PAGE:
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….But Is It Enough?

Posted By Dave Leonardis On Jul 31 2010 @ 5:36 pm In Los Angeles Dodgers | 1 Comment

The MLB trading deadline has officially passed and the Los Angeles Dodgers, much to the surprise of no one, were aggressive in adding a few more pieces to a team that is poised to make another late run(as soon as they stop going on losing streaks to division rivals).

After acquiring speedy outfielder Scott Podsednik earlier in the week, the Dodgers made two more moves today. First, they received inconsistent strikeout machine Ted Lilly as well as second baseman Ryan Theriot from the Cubs in exchange for infielder Blake DeWitt and pitching prospects Brett Wallach and Kyle Smit. Lilly is 3-8 so far this season but people in the “Glass Half Full” department attribute that to Lilly getting the second-worst run support of any starting pitcher in the majors(3.77 runs per nine innings, second only to former Astro/current Phillie Roy Oswalt). As for Theriot, he’s hitting .281, which is better than DeWitt’s .270 but trails DeWitt in on-base percentage(.352 to .320) and slugging percentage(.371 to .327). Theroit isn’t much of a power hitter nor much of a speedster, so his role on the team will be to avoid being the quintessential “easy out” in this Dodgers lineup. Lilly more than likely will take over the fifth spot, that was manned last night by reliever Carlos Monasterios. Monasterios gave up four runs on seven hits in five innings in L.A.’s 6-5 loss to Tim Lincecum and the Giants last night. The loss was the Dodgers’ third straight.

The other move of note saw the Dodgers make a move to improve their troubled bullpen by acquiring Pirates closer Octavio Dotel from Pittsburgh for pitcher James McDonald and minor league outfielder Andrew Lambo. Dotel was 2-2 with 21 saves, 48 K’s and a 4.28 ERA as the ninth inning man for the lowly Pirates. When healthy, he’s one of the better set-up men in the game and he is sure to be the next in line to be overused by manager Joe Torre. Lambo was once considered Los Angeles’ top hitting prospect but was suspended for 50 games this year for his second drug of abuse violation in his short career. Lambo is still only 22 and, on a team going nowhere anytime soon like the Pirates, he may turn out to be intriguing players for the Bucs down the road. The same can be said for McDonald, who was never good enough to make the rotation but was impressive in the minors. He has a solid mid-90′s fastball that he mixes in with a decent curve and changeup. Again, on a team like the Pirates, a 25-year old prospect like McDonald has a better chance of emerging than he would on a contender like L.A.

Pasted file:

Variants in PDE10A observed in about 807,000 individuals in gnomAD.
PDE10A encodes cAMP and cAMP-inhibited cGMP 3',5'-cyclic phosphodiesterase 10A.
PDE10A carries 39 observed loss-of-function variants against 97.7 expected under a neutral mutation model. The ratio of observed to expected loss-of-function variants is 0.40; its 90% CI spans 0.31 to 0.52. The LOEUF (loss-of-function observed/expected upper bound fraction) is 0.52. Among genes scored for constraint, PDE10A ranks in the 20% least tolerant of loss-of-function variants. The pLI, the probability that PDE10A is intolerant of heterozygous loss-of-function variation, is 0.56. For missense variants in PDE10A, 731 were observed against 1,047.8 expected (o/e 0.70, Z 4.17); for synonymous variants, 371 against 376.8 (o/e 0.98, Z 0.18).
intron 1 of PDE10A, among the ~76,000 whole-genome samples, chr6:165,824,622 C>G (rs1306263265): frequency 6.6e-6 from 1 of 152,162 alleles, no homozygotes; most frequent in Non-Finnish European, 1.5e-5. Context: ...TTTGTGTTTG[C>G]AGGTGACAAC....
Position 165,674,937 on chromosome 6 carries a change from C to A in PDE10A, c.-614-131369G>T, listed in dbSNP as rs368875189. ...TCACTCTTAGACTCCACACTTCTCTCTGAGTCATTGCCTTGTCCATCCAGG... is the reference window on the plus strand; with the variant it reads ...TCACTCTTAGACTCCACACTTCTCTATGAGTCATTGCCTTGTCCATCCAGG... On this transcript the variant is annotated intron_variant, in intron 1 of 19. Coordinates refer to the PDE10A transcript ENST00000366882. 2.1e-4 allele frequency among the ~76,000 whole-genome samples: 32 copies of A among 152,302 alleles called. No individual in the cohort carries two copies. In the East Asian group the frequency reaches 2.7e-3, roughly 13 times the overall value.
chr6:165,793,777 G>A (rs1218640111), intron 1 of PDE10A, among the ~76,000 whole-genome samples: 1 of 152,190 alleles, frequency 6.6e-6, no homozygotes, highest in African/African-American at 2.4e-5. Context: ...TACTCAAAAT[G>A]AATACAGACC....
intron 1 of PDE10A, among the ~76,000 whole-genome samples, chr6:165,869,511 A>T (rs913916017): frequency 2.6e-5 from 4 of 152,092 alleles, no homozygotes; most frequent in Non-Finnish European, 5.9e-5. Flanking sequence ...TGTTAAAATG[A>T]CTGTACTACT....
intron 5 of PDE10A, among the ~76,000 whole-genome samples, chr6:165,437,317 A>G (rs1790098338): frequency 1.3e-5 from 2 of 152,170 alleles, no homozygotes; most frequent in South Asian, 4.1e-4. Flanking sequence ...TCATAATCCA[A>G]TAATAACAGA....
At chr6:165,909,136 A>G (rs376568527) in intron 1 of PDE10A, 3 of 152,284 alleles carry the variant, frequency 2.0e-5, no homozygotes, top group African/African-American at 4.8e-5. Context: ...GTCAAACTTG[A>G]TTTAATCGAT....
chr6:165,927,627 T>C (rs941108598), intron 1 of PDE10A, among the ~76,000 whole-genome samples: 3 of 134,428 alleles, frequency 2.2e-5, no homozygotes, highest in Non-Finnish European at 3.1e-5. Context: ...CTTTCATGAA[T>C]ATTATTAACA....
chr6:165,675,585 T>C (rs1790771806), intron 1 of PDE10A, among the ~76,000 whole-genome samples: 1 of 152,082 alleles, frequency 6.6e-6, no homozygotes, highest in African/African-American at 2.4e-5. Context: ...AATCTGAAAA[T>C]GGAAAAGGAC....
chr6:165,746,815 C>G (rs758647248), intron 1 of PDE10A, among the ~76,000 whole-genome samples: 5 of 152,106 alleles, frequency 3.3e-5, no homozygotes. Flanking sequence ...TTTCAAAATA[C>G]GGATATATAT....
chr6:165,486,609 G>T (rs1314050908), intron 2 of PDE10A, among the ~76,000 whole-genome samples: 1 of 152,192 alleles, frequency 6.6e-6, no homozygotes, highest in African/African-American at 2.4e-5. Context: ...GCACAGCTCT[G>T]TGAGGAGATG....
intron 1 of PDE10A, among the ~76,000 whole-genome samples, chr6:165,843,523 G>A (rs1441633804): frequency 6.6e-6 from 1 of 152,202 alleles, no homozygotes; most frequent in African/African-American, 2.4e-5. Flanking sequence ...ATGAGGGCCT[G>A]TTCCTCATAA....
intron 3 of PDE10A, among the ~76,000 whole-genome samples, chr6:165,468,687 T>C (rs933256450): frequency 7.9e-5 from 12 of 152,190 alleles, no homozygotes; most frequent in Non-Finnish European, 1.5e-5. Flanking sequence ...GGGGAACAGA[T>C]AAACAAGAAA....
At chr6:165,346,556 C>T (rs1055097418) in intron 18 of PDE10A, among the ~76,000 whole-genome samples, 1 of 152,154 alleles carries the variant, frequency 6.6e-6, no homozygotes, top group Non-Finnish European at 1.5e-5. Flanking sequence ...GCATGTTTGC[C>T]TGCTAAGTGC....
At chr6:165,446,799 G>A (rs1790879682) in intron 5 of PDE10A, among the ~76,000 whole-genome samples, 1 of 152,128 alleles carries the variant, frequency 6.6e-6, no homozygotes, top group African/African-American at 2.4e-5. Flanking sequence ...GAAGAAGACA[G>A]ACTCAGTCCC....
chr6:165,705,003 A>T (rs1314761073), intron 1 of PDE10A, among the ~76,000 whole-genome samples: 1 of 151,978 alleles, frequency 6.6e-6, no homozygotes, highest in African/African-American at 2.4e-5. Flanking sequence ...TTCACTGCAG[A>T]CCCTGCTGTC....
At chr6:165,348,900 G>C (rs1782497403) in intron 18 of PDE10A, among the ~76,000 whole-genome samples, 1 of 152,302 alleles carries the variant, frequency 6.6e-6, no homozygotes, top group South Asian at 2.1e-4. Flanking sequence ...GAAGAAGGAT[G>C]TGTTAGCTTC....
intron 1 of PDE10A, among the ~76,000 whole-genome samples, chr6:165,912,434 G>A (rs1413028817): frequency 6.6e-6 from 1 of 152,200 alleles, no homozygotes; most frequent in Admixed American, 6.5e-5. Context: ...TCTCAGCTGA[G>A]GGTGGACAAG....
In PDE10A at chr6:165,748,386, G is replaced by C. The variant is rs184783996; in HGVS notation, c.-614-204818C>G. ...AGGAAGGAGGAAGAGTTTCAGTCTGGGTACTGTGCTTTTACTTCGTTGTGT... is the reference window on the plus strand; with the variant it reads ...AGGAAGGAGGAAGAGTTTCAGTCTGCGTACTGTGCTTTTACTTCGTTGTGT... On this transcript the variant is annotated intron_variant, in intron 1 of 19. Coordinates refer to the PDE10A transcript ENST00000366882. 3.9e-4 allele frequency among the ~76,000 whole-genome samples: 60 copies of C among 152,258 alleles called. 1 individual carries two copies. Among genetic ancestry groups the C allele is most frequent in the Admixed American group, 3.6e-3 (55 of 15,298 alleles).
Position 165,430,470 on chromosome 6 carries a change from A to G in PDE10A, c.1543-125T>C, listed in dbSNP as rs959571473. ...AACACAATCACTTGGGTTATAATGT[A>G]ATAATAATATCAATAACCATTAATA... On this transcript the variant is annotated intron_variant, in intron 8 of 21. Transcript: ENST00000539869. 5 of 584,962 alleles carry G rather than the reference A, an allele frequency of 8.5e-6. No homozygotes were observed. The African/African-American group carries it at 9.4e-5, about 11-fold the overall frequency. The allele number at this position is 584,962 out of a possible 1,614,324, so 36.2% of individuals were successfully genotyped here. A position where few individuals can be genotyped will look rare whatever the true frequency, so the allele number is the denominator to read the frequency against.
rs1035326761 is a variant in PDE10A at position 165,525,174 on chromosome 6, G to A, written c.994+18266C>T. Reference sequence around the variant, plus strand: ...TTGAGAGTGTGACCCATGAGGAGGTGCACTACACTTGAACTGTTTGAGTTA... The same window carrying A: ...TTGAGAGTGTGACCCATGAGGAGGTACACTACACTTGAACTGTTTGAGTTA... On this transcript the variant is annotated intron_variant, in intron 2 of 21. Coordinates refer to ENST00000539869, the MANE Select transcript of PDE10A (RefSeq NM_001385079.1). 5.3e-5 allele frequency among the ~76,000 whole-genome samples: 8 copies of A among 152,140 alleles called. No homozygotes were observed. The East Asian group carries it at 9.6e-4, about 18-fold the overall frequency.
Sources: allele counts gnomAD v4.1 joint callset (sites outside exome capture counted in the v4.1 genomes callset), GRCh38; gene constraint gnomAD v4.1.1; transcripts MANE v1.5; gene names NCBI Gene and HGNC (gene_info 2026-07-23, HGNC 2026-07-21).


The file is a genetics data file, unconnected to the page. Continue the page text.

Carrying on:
The biggest trade news involving the Dodgers may be the one they didn’t make. Reports circulated all through the last couple of days that the Dodgers were receiving calls about struggling, high-priced outfielder Manny Ramirez. The most “serious” of offers(and I use that term loosely) came from the Chicago White Sox, who reportedly offered to take Ramirez off of the Dodgers’ hands if L.A. was willing to take nobody in return and pay all but $1 million of the $6.7 million left on Man-Ram’s contract. The Dodgers wisely said no but countered with a proposal to send Manny to Chi-town in exchange for promising Cuban third baseman Dayan Viciedo, which the White Sox turned down. The Tampa Bay Rays, Los Angeles Angels and even the New York Yankees(who perhaps made the biggest splashes by acquiring slugging first baseman Lance Berkman from Houston and outfielder Austin Kearns from Cleveland in the last 24 hours) also reportedly inquired about Ramirez but balked at the Dodgers’ asking price.

With the deadline over, the question remains: Did the Dodgers do enough. The addition of Dotel to the bottom of a bullpen that already has All-Stars Hong-Chih Kuo and Jonathan Broxton strengthens a problem area and Lilly gives the team a more proven hurler at the back end of the rotation, but look at the moves made by some of the other teams in the National League. The Padres swung a deal for former MVP Miguel Tejada from Baltimore as well as slugging outfielder Ryan Ludwick. The Giants came thisclose¬† to acquiring MLB home run leader Jose Bautista(word is, that deal may still get done through a waiver trade, which would be HUGE for San Francisco). The Cardinals, a team that could stand in L.A.’s way of the Wild Card if they can’t topple the Reds in the Central, got a solid fourth starter to add to their already great rotation in the Indians’ Jake Westbrook. The Braves, arguably the best team in the NL and a team the Dodgers would no doubt have to go through if they make it to the postseason, brought back fire-balling reliever Kyle Farnsworth as well as oft-injured by hard-hitting outfielder Rick Ankiel. The Dodgers’ moves were subtle and they filled needs for a team that didn’t have too many, but with so many of the teams ahead of the Dodgers making much bigger splashes in the last few days and the Dodgers already in a pretty deep hole as it is, you have to wonder if all this moving and shaking by L.A. was for naught.

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